How has your self-definition expanded since you became a parent? You see the world so differently. Being a mom has opened me up to so many more possibilities. I feel like a warrior. Hear me ROAR!!!

5 Things You Should Know About Your Resident Director

The Ensemblist

In honor of our Director Spotlight, we asked our friend Kasey Graham to give us some insight on what it's really like to be in his position, and what he thinks it's vital for actors to know.


A resident director is charged with maintaining the artistic integrity of a show, as set by the director. It includes noting the performances, rehearsing understudies, rehearsing and putting in new cast members, as well as preparing press performances as needed. On some shows the associate director is also the resident while on others it is a separate position. Currently I am the resident director on The Phantom of the Opera national tour and the associate director/resident director on the national tour of Dirty Dancing.


Here are five things I think everyone should know about the position:

1. I’m on your side. I have never worked on a show I didn’t want to succeed. This goes double for how I feel about actors. You’re not my children, but you might as well be. I love rehearsing new actors and putting them into a show. And I’d be lying if I said I didn’t beam like a stage mother watching you go on for the first time, even if there are a stumble or two along the way.

2. I love actors. I can’t always let your choices onto the stage, but I adore that you make them. Coming into an established production can be tricky. Your job is not to replicate the performance of the actor you are replacing, nor is it to re-interpret the role. When rehearsing a new cast member, I give the bones of what needs to be there. “You have to be down of this wing or that drop will take you out.” Or “Enter, cross directly to him, and challenge him.” What I won’t ever say is, “Enter. Take 3 steps toward him. Yell your line at him and stress the first word.” When the bones are in place I collaborate and let the actor play. The reality is, you’re stepping into a world that has been created. Embrace that world with its limits and its possibilities.

3. I’m not fair. I try, but I can’t always be. Whether it is which cover goes on, or a one-hour rehearsal on a sunny, Friday afternoon. Please know there is a reason for every decision, and it’s never personal. I can promise you that.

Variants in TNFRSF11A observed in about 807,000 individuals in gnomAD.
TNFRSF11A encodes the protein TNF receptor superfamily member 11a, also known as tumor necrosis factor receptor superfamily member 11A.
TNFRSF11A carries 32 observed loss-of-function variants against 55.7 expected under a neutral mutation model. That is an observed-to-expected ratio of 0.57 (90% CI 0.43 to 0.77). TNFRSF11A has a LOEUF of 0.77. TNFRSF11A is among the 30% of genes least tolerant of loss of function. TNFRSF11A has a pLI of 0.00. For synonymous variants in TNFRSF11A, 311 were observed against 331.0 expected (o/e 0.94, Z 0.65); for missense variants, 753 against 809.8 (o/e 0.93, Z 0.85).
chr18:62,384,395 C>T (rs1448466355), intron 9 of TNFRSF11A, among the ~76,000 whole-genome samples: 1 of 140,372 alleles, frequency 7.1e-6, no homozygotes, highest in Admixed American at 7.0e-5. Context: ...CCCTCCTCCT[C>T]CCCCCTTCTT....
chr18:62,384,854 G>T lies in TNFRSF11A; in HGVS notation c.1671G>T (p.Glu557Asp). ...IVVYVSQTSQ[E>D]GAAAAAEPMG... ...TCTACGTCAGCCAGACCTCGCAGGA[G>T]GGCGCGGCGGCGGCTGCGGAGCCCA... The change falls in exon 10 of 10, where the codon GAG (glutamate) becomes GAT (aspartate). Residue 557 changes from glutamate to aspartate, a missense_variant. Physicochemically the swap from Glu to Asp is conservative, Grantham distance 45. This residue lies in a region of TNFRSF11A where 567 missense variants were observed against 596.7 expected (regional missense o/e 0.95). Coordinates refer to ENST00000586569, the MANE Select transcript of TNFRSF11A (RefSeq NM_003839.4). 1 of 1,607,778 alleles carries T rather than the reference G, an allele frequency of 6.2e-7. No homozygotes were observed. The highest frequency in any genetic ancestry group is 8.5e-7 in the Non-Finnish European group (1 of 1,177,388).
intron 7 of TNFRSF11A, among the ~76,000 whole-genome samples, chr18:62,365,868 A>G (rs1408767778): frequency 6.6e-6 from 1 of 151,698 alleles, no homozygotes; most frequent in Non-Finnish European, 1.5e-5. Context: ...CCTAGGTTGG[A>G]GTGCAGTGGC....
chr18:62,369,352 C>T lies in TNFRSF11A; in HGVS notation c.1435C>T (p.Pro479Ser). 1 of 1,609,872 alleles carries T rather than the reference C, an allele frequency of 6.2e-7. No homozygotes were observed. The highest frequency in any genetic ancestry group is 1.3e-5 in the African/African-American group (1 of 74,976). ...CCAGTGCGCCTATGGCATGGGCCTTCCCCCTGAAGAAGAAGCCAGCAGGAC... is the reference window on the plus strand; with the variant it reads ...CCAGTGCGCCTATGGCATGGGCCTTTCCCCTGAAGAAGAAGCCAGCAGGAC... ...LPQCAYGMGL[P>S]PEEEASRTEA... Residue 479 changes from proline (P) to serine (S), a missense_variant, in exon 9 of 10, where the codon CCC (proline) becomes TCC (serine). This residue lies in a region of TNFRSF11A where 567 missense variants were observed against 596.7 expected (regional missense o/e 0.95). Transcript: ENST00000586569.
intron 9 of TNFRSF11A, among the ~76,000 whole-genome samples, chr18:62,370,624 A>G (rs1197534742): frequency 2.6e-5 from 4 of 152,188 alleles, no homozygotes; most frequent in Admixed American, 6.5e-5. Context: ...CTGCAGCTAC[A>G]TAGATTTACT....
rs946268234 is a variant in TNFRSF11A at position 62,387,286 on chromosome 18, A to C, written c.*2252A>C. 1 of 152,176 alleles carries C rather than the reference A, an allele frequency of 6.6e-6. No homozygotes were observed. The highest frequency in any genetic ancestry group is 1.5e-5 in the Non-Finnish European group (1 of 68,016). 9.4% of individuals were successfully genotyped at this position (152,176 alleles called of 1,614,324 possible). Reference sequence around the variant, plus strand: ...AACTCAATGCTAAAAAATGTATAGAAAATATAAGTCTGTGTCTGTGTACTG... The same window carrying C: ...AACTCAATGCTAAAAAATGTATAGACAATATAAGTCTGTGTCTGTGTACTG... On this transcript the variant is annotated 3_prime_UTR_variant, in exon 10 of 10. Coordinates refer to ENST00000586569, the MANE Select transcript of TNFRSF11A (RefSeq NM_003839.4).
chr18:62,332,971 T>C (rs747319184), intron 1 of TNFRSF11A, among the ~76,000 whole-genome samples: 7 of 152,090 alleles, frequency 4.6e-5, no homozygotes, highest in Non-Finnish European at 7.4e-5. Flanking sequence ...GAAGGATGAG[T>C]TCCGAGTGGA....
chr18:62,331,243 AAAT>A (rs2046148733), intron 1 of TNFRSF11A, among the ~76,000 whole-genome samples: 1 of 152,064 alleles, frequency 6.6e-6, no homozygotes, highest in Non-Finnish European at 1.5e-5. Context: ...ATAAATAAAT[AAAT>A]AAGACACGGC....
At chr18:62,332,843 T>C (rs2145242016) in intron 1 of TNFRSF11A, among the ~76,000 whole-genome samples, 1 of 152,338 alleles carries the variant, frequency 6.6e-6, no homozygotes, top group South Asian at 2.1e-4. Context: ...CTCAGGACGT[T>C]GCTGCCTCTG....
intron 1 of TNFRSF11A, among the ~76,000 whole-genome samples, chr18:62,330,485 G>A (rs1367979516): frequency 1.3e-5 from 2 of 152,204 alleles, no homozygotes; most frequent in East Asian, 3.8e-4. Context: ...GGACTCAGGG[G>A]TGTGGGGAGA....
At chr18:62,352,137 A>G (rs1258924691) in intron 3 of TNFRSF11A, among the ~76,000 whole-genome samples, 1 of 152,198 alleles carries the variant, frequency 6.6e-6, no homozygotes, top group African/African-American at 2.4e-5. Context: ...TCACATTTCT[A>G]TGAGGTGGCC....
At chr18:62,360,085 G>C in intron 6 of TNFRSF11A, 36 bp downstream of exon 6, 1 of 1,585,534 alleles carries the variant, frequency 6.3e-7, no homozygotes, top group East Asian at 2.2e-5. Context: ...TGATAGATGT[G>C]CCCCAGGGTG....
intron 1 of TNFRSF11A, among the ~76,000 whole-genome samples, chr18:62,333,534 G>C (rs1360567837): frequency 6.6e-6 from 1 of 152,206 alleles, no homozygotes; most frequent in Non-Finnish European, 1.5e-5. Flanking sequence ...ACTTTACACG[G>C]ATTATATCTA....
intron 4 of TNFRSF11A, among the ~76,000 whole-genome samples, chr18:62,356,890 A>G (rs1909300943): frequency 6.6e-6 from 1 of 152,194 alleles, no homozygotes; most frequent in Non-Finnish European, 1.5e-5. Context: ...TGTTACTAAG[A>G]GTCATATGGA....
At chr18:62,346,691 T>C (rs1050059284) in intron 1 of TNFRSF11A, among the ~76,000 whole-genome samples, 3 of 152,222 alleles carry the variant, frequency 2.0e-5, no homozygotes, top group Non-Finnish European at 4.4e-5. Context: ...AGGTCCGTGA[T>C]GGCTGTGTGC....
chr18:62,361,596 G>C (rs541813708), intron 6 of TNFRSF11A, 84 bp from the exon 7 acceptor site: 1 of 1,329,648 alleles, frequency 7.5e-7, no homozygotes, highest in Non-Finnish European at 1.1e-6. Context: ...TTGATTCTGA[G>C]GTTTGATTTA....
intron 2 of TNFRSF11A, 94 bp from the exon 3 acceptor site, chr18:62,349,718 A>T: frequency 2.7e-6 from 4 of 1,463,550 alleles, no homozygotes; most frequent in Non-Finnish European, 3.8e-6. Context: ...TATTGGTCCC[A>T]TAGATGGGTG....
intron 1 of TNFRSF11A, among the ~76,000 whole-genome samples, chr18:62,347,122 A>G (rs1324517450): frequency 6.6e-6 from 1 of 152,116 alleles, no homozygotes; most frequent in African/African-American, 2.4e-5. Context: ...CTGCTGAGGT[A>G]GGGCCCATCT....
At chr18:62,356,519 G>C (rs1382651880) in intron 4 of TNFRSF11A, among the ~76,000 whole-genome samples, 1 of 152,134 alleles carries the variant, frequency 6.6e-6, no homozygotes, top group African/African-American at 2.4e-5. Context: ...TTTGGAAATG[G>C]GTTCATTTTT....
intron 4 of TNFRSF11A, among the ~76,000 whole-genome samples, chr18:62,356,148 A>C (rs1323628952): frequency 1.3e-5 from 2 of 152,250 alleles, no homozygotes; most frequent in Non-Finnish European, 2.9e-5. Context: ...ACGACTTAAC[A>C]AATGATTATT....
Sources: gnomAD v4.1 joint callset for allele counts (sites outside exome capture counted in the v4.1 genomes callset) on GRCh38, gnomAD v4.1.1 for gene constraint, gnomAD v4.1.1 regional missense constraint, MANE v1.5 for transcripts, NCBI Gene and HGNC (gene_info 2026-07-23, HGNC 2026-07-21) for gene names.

4. My eyes are not everywhere at once. Some weeks I may be working in the office or the rehearsal studio more than others. If there is a moment you’re struggling with, or an issue on stage, come to me. The worst possible thing you can do is stew about it. There is a caveat of course: please make sure it’s your issue or moment.

5. I do not have unlimited sh**s to give. This may seem in direct conflict to #4. However, you will be much happier in this business if you pick your battles. Any given day there are thirty questions, concerns, notes, and issues. Is yours worth becoming number thirty-one? Or is it something you might realize tomorrow isn’t really an issue. I mean this with the utmost respect to the craft of acting, but prolonged exposure to the same show can drive a person mad. The tiniest variance or misstep by another actor can rattle you. Sleep on it. If it’s still annoying you the next show, please see #4.

I’m Kasey RT Graham, and I approve this message.

Cameron Adams on Winning the Gypsy Robe

The Ensemblist

We asked Cameron Adams, a 2016 Ensemblist of the Year and multi-time Gypsy Robe winner, to share a few words about what winning the Robe means to her:

photo by Walter McBride for BroadwayWorld

photo by Walter McBride for BroadwayWorld

"Receiving the Gypsy Robe is something I am beyond proud of and such a reminder of what a special community I am lucky enough to be a part of.  Opening night is already so exciting but taking a moment to recognize the ensemble in such a special way is just wonderful.  She Loves Me is my 10th Broadway show and third time to receive the robe and I have wept like a baby every single time! I'm the biggest sap of them all.  Very thankful to be a small part of the Broadway community!"


Do you want to know more about the Gypsy Robe, its traditions, and why it means so much to Broadway ensemblists? Check out Episode 11 here!